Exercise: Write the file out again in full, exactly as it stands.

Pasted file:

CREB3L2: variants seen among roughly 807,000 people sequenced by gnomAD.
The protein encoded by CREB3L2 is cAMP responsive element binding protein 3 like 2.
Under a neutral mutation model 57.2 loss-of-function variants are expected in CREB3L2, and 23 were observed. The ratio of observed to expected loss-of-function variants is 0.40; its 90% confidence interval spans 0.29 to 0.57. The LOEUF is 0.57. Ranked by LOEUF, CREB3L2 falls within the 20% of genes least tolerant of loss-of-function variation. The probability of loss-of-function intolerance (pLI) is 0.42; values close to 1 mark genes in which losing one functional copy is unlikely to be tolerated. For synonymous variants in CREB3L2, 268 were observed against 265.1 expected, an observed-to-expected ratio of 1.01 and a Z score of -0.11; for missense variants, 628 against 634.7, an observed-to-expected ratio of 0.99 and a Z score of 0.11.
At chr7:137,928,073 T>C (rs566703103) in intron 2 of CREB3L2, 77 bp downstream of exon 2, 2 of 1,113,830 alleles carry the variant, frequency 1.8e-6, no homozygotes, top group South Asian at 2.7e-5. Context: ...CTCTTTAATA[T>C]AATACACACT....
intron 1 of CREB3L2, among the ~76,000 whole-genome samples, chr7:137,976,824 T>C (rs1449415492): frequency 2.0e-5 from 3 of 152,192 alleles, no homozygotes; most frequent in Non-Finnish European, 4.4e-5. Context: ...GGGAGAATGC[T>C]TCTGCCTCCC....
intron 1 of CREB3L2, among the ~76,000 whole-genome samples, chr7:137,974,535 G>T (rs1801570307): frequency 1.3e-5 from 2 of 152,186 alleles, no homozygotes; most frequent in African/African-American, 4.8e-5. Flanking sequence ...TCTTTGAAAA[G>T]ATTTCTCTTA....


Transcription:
CREB3L2: variants seen among roughly 807,000 people sequenced by gnomAD.
The protein encoded by CREB3L2 is cAMP responsive element binding protein 3 like 2.
Under a neutral mutation model 57.2 loss-of-function variants are expected in CREB3L2, and 23 were observed. The ratio of observed to expected loss-of-function variants is 0.40; its 90% confidence interval spans 0.29 to 0.57. The LOEUF is 0.57. Ranked by LOEUF, CREB3L2 falls within the 20% of genes least tolerant of loss-of-function variation. The probability of loss-of-function intolerance (pLI) is 0.42; values close to 1 mark genes in which losing one functional copy is unlikely to be tolerated. For synonymous variants in CREB3L2, 268 were observed against 265.1 expected, an observed-to-expected ratio of 1.01 and a Z score of -0.11; for missense variants, 628 against 634.7, an observed-to-expected ratio of 0.99 and a Z score of 0.11.
At chr7:137,928,073 T>C (rs566703103) in intron 2 of CREB3L2, 77 bp downstream of exon 2, 2 of 1,113,830 alleles carry the variant, frequency 1.8e-6, no homozygotes, top group South Asian at 2.7e-5. Context: ...CTCTTTAATA[T>C]AATACACACT....
intron 1 of CREB3L2, among the ~76,000 whole-genome samples, chr7:137,976,824 T>C (rs1449415492): frequency 2.0e-5 from 3 of 152,192 alleles, no homozygotes; most frequent in Non-Finnish European, 4.4e-5. Context: ...GGGAGAATGC[T>C]TCTGCCTCCC....
intron 1 of CREB3L2, among the ~76,000 whole-genome samples, chr7:137,974,535 G>T (rs1801570307): frequency 1.3e-5 from 2 of 152,186 alleles, no homozygotes; most frequent in African/African-American, 4.8e-5. Flanking sequence ...TCTTTGAAAA[G>T]ATTTCTCTTA....